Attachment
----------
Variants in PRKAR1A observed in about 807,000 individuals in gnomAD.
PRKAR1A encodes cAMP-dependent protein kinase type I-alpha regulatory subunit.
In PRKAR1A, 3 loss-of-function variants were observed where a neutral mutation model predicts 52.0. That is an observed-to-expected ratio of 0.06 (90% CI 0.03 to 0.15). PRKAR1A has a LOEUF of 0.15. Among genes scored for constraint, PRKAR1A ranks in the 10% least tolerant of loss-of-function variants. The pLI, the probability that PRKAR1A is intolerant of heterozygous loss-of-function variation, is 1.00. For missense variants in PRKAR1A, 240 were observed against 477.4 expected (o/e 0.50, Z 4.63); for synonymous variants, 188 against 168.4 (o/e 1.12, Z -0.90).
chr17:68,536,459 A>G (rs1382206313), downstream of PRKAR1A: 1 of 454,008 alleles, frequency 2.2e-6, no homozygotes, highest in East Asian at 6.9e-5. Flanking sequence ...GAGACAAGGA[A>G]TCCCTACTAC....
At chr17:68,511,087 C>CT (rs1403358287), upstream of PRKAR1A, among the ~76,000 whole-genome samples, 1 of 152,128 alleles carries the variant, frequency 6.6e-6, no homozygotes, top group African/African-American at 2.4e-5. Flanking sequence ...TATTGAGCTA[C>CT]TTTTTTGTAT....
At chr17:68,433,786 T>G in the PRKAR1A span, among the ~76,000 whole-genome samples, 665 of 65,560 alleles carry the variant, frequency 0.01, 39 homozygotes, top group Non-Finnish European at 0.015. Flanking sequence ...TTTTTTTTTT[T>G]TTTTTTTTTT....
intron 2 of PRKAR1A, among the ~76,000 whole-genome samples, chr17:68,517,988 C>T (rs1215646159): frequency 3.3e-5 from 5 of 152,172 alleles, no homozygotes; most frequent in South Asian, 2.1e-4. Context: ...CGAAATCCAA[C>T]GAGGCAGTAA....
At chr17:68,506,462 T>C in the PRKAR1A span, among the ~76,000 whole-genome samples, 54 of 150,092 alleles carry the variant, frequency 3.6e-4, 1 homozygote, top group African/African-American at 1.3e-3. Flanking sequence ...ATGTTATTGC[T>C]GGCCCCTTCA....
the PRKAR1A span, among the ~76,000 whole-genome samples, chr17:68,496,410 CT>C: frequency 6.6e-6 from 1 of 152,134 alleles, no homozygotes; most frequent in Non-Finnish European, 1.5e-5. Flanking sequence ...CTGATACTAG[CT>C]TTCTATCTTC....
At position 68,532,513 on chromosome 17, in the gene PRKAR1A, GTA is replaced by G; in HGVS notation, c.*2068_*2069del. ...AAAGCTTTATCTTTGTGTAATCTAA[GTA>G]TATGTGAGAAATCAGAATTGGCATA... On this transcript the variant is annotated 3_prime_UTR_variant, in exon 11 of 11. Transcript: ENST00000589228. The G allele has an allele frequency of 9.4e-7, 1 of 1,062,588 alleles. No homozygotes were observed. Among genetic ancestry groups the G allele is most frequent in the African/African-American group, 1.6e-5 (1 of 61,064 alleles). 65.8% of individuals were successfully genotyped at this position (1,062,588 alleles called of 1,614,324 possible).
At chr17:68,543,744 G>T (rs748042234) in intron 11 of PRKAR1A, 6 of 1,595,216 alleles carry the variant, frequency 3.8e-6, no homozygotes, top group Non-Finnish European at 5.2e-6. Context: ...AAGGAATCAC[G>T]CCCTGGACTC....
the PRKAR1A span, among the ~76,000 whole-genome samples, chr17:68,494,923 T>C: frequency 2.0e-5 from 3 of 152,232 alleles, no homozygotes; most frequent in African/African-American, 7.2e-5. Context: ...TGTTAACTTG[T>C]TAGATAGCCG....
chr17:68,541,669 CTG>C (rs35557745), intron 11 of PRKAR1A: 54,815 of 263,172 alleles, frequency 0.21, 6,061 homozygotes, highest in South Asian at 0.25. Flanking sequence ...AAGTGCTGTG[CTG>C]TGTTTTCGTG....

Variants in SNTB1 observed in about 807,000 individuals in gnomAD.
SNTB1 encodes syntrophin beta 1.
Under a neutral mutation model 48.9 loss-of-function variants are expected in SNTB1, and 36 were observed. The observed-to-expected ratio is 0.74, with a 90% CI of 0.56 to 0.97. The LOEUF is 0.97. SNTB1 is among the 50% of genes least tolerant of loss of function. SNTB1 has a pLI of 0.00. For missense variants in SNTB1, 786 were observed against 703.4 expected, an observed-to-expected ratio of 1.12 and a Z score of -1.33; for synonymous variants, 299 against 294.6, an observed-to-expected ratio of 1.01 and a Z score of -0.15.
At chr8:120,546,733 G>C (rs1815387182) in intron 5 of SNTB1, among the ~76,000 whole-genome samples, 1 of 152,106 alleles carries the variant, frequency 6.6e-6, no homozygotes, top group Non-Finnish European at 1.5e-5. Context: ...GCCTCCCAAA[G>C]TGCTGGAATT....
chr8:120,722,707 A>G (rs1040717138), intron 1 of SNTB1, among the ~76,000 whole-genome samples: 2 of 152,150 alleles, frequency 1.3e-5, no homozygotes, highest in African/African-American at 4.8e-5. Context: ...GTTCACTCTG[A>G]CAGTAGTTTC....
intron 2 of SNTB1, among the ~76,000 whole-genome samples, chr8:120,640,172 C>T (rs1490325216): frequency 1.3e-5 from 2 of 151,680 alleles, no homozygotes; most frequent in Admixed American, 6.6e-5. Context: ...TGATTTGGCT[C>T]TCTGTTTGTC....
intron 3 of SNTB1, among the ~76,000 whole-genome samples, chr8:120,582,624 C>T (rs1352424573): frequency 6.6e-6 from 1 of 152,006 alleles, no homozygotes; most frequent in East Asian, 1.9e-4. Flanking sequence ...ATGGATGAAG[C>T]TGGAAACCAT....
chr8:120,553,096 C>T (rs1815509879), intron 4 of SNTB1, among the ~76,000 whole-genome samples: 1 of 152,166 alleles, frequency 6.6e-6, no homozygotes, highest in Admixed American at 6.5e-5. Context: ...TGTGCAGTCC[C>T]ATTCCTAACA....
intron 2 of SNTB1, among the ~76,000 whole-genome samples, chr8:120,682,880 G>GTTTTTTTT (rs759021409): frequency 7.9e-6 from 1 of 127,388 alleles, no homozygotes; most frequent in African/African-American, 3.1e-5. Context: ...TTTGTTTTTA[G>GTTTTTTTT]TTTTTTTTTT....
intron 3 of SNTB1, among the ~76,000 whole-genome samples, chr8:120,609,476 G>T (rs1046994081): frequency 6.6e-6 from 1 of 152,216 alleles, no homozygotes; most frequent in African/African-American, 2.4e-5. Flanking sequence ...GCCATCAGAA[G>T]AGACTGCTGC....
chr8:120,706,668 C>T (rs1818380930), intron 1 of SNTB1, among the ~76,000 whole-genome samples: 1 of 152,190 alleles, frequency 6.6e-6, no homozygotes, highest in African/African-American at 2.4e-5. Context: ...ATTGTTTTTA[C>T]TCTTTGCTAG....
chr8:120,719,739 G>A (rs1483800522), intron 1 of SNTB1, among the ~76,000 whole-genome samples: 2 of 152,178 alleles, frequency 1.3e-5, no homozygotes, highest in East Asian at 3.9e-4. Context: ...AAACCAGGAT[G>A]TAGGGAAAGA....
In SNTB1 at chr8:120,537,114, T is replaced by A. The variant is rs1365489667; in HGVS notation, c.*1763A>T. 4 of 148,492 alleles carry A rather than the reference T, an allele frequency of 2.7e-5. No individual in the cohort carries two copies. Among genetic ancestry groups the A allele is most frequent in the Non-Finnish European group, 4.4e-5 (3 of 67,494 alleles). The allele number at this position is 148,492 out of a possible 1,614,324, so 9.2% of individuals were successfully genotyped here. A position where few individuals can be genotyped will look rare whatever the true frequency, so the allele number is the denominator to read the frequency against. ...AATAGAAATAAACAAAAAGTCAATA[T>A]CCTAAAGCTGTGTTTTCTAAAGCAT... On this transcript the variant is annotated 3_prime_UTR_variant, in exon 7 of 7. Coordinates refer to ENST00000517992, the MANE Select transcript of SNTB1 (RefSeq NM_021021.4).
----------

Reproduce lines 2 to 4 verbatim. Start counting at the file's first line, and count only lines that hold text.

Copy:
PRKAR1A encodes cAMP-dependent protein kinase type I-alpha regulatory subunit.
In PRKAR1A, 3 loss-of-function variants were observed where a neutral mutation model predicts 52.0. That is an observed-to-expected ratio of 0.06 (90% CI 0.03 to 0.15). PRKAR1A has a LOEUF of 0.15. Among genes scored for constraint, PRKAR1A ranks in the 10% least tolerant of loss-of-function variants. The pLI, the probability that PRKAR1A is intolerant of heterozygous loss-of-function variation, is 1.00. For missense variants in PRKAR1A, 240 were observed against 477.4 expected (o/e 0.50, Z 4.63); for synonymous variants, 188 against 168.4 (o/e 1.12, Z -0.90).
chr17:68,536,459 A>G (rs1382206313), downstream of PRKAR1A: 1 of 454,008 alleles, frequency 2.2e-6, no homozygotes, highest in East Asian at 6.9e-5. Flanking sequence ...GAGACAAGGA[A>G]TCCCTACTAC....